Now the last time I went to the cinema, there might not have been any enjoyably amateur local ads, but there was at least an incredibly terrible advert for some new awful looking Slush Puppy style drink, that advertised itself as being “FROM AMERICA” because being from America is the way we know this is going to be the best possible food and/or drink item ever invented.

Anyway, that wasn’t anywhere near as exciting as Candy Cushions, which weren’t just the daintiest of creams, but also the latest novelty in American Sweets, 100 years ago today.

The height of this novelty was that they came in a little box with a free gift, like a piece of jewellery, or a tobacco pipe, or a razor, or maybe even some sort of switchblade, which is pretty wonderful, and certainly more fun that anything anyone’s ever found in a kinder egg.

I assume there was an American exclusive edition that contained a revolver, and was therefore not sold at the cinema, and only available in the import sweet shop round the corner, for several million pounds.

Transporting Loads, With Or Without Roads (1920) / A Dream Of Brave Men (1920)

Keeping up the comparison with the present, here are two 100 year old versions of modern staples of cinema advertising – an advert for some sort of off road vehicle you’ll never be able to afford, and would have no real need for if you ever could; and an excruciatingly long premium advert for some utterly mundane product (here: soap), that serves no discernible purpose at all to justify its existence.

Transporting Loads, With Or Without Roads is 6 minutes of footage of a Thornycroft off-raod vehicle, which looks pretty amazing, with a strange manipulable suspension system for the back two axles, as well as a pretty exciting mode where you can turn it into a miniature tank with a set of caterpillar tracks.

Let’s off road, etc, etc

There’s a scene in this, too, where the vehicle drives slowly down a hill, the landscape below sprawling out emptily towards the horizon, which I found oddly ominous, and which feels like some sort of eerie early version of Postman Pat, coming home from the war, his truck piled high with the bodies of a million dead.

A Dream Of Brave Men, meanwhile, is 6 minutes of absolute tedium, in which a maid gets some soap that’s so good she cleans the whole kitchen with it. Then she falls into a dream, where she cleans up a field hospital somewhere, too, thus winning the war.

The soap is called Pinkobolic, though, which is perhaps my favourite ever attempt at making some horrible industrial name into something nice and and totally unsinister sounding.

This entire advert is monstrous, obviously, but I did like the bit, where the title cards had been explaining the story, one short sentence at a time, in a nice big font, until suddenly they insert this one, with an entire novels worth of exposition crammed in, in a great big long sentence, with a hundred comma-separated clauses, in absolutely tiny letters.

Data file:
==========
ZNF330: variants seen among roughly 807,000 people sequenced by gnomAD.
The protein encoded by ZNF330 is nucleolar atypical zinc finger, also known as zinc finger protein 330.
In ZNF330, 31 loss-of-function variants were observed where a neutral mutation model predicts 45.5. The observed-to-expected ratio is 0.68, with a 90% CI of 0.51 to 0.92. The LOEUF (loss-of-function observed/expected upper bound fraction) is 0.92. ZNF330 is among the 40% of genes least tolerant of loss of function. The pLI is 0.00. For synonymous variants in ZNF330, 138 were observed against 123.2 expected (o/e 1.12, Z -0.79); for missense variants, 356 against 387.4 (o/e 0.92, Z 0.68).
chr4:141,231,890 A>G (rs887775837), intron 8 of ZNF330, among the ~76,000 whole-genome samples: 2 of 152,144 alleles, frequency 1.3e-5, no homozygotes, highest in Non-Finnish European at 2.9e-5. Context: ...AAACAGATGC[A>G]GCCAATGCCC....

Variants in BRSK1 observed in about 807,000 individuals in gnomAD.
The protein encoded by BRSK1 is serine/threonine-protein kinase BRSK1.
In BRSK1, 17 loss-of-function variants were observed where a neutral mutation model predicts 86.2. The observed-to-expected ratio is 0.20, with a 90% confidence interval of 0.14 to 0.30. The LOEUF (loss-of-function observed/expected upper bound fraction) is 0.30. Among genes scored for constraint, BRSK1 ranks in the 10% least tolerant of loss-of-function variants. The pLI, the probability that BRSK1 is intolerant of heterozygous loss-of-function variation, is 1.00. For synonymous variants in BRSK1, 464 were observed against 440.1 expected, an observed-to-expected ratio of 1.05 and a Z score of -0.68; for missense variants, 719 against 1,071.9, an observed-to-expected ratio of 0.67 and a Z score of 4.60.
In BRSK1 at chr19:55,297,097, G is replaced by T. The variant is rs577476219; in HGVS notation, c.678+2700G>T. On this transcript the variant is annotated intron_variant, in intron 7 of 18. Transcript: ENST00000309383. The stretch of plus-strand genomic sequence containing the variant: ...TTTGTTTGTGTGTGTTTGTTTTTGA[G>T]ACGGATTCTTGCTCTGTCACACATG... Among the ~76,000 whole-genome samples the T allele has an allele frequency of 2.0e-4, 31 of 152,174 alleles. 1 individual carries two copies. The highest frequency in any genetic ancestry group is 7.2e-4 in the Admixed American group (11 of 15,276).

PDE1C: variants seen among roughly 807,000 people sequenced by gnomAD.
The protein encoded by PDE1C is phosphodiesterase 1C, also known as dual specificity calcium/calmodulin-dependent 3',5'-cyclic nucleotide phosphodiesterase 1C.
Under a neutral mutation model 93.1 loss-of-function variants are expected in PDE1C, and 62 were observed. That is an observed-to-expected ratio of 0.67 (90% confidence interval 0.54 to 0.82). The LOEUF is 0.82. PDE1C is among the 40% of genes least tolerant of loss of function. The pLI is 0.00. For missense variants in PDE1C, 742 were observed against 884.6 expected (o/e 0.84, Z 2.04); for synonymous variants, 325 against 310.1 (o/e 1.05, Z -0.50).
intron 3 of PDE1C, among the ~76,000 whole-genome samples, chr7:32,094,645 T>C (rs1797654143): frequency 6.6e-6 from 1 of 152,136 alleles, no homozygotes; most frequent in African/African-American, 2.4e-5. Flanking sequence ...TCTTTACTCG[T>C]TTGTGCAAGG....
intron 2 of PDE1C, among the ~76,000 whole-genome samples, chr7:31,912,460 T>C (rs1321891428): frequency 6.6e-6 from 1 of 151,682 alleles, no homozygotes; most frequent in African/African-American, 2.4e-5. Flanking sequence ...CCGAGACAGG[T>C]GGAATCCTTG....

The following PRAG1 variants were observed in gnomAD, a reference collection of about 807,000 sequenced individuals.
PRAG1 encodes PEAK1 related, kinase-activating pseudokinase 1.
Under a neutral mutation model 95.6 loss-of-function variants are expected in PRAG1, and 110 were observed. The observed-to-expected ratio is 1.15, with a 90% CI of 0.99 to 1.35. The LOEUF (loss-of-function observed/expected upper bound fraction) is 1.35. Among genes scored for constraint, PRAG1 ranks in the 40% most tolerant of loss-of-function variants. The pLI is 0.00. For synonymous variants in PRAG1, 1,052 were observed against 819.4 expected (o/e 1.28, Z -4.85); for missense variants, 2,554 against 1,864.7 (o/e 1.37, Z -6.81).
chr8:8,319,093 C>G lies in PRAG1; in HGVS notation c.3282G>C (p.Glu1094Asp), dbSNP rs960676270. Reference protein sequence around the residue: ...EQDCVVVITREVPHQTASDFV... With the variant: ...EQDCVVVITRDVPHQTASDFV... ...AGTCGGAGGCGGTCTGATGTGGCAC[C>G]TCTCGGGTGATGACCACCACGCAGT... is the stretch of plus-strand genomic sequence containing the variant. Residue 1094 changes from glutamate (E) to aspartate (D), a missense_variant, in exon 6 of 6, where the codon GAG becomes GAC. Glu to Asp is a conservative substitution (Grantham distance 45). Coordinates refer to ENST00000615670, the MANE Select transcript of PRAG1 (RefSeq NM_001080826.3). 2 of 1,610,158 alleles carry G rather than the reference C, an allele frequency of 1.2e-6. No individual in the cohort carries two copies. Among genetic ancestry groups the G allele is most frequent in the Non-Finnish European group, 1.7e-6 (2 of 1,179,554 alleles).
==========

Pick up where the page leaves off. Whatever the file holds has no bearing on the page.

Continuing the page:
Mr. And Mrs. Jones Visit To Bracing Sunny Rhyl, North Wales

Mr. And Mrs. Jones Visit To Bracing Sunny Rhyl, North Wales is a piece of local tourist office advertising, suggesting, hopefully, that “After you have seen this Picture you will want to visit this Popular Health Resort.”

This “Picture” consists of two minutes of Mr and Mrs Jones on the top of the bus, grinning maniacally, out of focus, dressed like some sort of folk terror clowns.

It is the most terrifying piece of footage ever unearthed and should not be watched under any circumstances.

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Notes

1. Again I watched these all on the BFI Player, and the links can be found above and below.

2. Herbert J. White’s jeweller store in Frome moved to Yeovil in the 1930s, and didn’t actually close down until last year.

3. I now want to visit Rhyl, the Popular Health Resort.

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Film Information

Title: “Your Romance”
Year: 1920
Duration: 1 minute
Watch: BFI Player

Title: Candy Cushions
Year: 1920
Duration: 1 minute
Watch: BFI Player

Title: Transporting Loads, With Or Without Roads
Year: 1920
Duration: 6 minutes
Watch: BFI Player

Title: A Dream Of Brave Men
Year: 1920
Duration: 6 minute
Watch: BFI Player

Title: Mr. And Mrs. Jones Visit To Bracing Sunny Rhyl, North Wales
Year: 1920
Duration: 1 minute
Watch: BFI Player

Categories
This Film Is 100 Years Old

One Week (1920)

In One Week, Buster Keaton builds a house. Hijinks ensue.

This is a pretty amiable Buster Keaton film, and I enjoyed it a lot, although I definitely preferred The Scarecrow.

That’s my entire review. I’m not really sure that was worth a two month wait, now, was it?

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Notes

1. I watched this on youtube here

2. Although that version has a soundtrack which sounds like it should be from a snow level on a Mario game

3. So I’d maybe suggest finding another version if you can.

4. This film also features an early version of the house falling on Buster Keaton gag (see first picture above).

5. Although the more famous version of it is this one, in Steamboat Bill Jr., from 1928.

6. Which was then remade by Steve McQueen in 1997

7. And which was first version I saw

8. So now I’ve seen all three versions of it, I suppose

9. In reverse chronological order

10. Slowly

11. Over the course of my entire adult life

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Film Information

Title: One Week
Director: Buster Keaton; Edward F. Cline
Year: 1920
Duration: 24 minutes
Watch: youtube